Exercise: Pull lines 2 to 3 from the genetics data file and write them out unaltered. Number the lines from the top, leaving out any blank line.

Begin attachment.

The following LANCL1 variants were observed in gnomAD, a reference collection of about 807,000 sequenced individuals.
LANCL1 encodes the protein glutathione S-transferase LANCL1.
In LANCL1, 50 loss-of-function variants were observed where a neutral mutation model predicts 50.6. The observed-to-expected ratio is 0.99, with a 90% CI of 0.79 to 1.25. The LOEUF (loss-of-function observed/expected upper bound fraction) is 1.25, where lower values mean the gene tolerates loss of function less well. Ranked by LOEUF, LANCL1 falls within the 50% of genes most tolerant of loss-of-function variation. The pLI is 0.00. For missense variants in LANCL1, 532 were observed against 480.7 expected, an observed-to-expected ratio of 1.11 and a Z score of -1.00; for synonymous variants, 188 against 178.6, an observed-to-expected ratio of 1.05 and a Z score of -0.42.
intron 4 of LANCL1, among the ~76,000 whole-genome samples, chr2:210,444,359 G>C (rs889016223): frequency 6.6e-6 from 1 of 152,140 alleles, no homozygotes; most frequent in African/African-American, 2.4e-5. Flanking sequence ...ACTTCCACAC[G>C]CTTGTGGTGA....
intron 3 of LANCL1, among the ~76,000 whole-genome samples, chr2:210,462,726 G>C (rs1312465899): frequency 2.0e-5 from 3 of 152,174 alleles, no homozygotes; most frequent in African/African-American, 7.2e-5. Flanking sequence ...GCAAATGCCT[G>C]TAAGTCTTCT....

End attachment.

LANCL1 encodes the protein glutathione S-transferase LANCL1.
In LANCL1, 50 loss-of-function variants were observed where a neutral mutation model predicts 50.6. The observed-to-expected ratio is 0.99, with a 90% CI of 0.79 to 1.25. The LOEUF (loss-of-function observed/expected upper bound fraction) is 1.25, where lower values mean the gene tolerates loss of function less well. Ranked by LOEUF, LANCL1 falls within the 50% of genes most tolerant of loss-of-function variation. The pLI is 0.00. For missense variants in LANCL1, 532 were observed against 480.7 expected, an observed-to-expected ratio of 1.11 and a Z score of -1.00; for synonymous variants, 188 against 178.6, an observed-to-expected ratio of 1.05 and a Z score of -0.42.